Listed Building

The only legal part of the listing under the Planning (Listing Buildings and Conservation Areas) (Scotland) Act 1997 is the address/name of site. Addresses and building names may have changed since the date of listing – see 'About Listed Buildings' below for more information. The further details below the 'Address/Name of Site' are provided for information purposes only.

Address/Name of Site


Status: Designated


There are no additional online documents for this record.


Date Added
Local Authority
North Ayrshire
Planning Authority
North Ayrshire
NS 34873 53895
234873, 653895


Early 19th century. 2-storey, 3-bay L-plan villa with central Doric-columned, pedimented porch; modern door within moulded architrave. Central 1st floor blind window. Harled (modern) with raised, painted window margins, eaves band course and angle margins; moulded eaves cornice. Blank gable to SW; blocked ground floor window to NW gable. Limewashed sandstone rubble to rear with droved ashlar margins (painted).

SE (REAR) ELEVATION: 3 bays. Projecting bay with slit window to ground, single window above to R; stair window to centre. 1st floor window to L; later single storey brick addition to ground L. Fragment of wall from adjoining building at outer L (long since demolished).

UPVC glazing (windows boarded up). Non-traditional concrete tiles replacing slates. Gable stacks and cans (replacements, circa 1985).

INTERIOR: not seen (2003).

Statement of Special Interest

Despite neglect and some out-of-keeping but largely reversible alterations (replacement glazing, rooftiles and removal of stone skews), 29 Braehead remains a good typical early 19th century villa with a distinctive pedimented portico. In 1980 the building still retained its slate roof and straight skews. The coped ashlar chimneystacks were removed in the 1980s and replicas reinstated in 1985 (thought not in original dimensions or materials). The building is empty and semi-derelict but awaiting forthcoming restoration (2003).

The villa occupies a prominent position in the town and can be seen from the Cross at the centre of Beith, contributing to the townscape. Originally, Braehead was lined on this side with villas and cottages but today there are gaping holes where buildings have been demolished. 29 Braehead is therefore a crucial surviving element to this part of the town.



Marked on 1st edition OS map of 1858.

About Listed Buildings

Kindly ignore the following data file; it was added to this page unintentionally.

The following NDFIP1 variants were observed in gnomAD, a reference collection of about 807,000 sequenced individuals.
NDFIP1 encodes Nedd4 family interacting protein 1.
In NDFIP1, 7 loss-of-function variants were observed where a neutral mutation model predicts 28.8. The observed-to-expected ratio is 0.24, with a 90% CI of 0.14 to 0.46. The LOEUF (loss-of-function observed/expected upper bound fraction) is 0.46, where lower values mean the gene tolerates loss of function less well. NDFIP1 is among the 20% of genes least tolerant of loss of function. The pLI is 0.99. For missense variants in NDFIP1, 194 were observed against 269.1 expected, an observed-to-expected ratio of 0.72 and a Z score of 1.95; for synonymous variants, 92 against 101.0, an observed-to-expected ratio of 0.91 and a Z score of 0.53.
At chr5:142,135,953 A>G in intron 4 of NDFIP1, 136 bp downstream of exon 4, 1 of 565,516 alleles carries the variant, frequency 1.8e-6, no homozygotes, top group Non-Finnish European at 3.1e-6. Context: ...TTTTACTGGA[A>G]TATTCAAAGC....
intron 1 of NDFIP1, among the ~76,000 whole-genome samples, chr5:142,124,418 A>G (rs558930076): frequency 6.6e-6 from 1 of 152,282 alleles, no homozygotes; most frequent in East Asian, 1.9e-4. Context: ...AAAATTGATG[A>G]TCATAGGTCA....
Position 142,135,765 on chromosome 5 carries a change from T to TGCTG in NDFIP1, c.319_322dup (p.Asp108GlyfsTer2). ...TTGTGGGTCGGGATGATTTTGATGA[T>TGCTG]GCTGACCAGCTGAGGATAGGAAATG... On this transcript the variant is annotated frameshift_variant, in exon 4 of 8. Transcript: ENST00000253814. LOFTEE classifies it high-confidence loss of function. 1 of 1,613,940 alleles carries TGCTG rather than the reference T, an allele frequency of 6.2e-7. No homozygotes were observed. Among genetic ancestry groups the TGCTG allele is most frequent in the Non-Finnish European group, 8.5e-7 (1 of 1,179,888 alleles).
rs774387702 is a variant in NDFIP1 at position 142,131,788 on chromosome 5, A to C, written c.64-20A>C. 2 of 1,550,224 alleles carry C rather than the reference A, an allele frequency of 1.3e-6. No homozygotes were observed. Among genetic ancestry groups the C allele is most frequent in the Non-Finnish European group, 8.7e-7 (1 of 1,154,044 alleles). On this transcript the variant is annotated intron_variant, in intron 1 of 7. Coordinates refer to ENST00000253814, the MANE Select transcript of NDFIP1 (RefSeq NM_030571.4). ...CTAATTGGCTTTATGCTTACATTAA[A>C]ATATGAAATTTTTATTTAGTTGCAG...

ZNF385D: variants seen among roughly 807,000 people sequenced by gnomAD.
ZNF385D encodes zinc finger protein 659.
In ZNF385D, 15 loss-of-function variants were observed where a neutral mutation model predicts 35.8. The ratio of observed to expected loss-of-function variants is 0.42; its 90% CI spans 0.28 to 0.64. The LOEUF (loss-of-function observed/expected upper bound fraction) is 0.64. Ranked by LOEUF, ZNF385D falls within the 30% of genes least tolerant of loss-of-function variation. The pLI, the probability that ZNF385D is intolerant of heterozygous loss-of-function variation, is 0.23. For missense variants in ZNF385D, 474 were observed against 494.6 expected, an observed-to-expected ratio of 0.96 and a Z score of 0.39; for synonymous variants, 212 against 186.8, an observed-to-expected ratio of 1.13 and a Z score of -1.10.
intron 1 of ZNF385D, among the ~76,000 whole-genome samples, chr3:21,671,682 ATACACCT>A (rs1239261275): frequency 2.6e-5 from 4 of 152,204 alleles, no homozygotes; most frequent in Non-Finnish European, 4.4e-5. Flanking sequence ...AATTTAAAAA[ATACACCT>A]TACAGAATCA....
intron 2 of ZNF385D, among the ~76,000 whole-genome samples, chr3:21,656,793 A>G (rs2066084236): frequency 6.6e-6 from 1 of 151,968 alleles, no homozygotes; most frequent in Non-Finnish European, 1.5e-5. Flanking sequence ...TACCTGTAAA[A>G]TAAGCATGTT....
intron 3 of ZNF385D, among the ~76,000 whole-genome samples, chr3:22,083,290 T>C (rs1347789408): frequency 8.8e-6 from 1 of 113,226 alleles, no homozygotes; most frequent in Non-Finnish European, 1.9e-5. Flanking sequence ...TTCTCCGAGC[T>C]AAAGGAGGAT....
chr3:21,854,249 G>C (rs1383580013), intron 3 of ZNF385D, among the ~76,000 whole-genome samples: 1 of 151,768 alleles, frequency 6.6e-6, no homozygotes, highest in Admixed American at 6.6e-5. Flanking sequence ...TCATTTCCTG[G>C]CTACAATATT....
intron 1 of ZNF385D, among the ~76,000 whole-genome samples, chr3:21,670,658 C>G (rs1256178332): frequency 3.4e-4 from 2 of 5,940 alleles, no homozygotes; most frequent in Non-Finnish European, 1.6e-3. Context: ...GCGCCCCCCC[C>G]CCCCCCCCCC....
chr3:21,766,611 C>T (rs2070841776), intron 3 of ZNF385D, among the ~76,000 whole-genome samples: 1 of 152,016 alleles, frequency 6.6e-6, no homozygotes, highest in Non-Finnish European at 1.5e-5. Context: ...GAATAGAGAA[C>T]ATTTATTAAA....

Historic Environment Scotland is responsible for designating sites and places at the national level. These designations are Scheduled monuments, Listed buildings, Inventory of gardens and designed landscapes and Inventory of historic battlefields.

We make recommendations to the Scottish Government about historic marine protected areas, and the Scottish Ministers decide whether to designate.

Listing is the process that identifies, designates and provides statutory protection for buildings of special architectural or historic interest as set out in the Planning (Listed Buildings and Conservation Areas) (Scotland) Act 1997.

We list buildings which are found to be of special architectural or historic interest using the selection guidance published in Designation Policy and Selection Guidance (2019)

Listed building records provide an indication of the special architectural or historic interest of the listed building which has been identified by its statutory address. The description and additional information provided are supplementary and have no legal weight.

These records are not definitive historical accounts or a complete description of the building(s). If part of a building is not described it does not mean it is not listed. The format of the listed building record has changed over time. Earlier records may be brief and some information will not have been recorded.

The legal part of the listing is the address/name of site which is known as the statutory address. Other than the name or address of a listed building, further details are provided for information purposes only. Historic Environment Scotland does not accept any liability for any loss or damage suffered as a consequence of inaccuracies in the information provided. Addresses and building names may have changed since the date of listing. Even if a number or name is missing from a listing address it will still be listed. Listing covers both the exterior and the interior and any object or structure fixed to the building. Listing also applies to buildings or structures not physically attached but which are part of the curtilage (or land) of the listed building as long as they were erected before 1 July 1948.

While Historic Environment Scotland is responsible for designating listed buildings, the planning authority is responsible for determining what is covered by the listing, including what is listed through curtilage. However, for listed buildings designated or for listings amended from 1 October 2015, legal exclusions to the listing may apply.

If part of a building is not listed, it will say that it is excluded in the statutory address and in the statement of special interest in the listed building record. The statement will use the word 'excluding' and quote the relevant section of the 1997 Act. Some earlier listed building records may use the word 'excluding', but if the Act is not quoted, the record has not been revised to reflect subsequent legislation.

Listed building consent is required for changes to a listed building which affect its character as a building of special architectural or historic interest. The relevant planning authority is the point of contact for applications for listed building consent.

Find out more about listing and our other designations at You can contact us on 0131 668 8914 or at


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Printed: 10/08/2022 02:42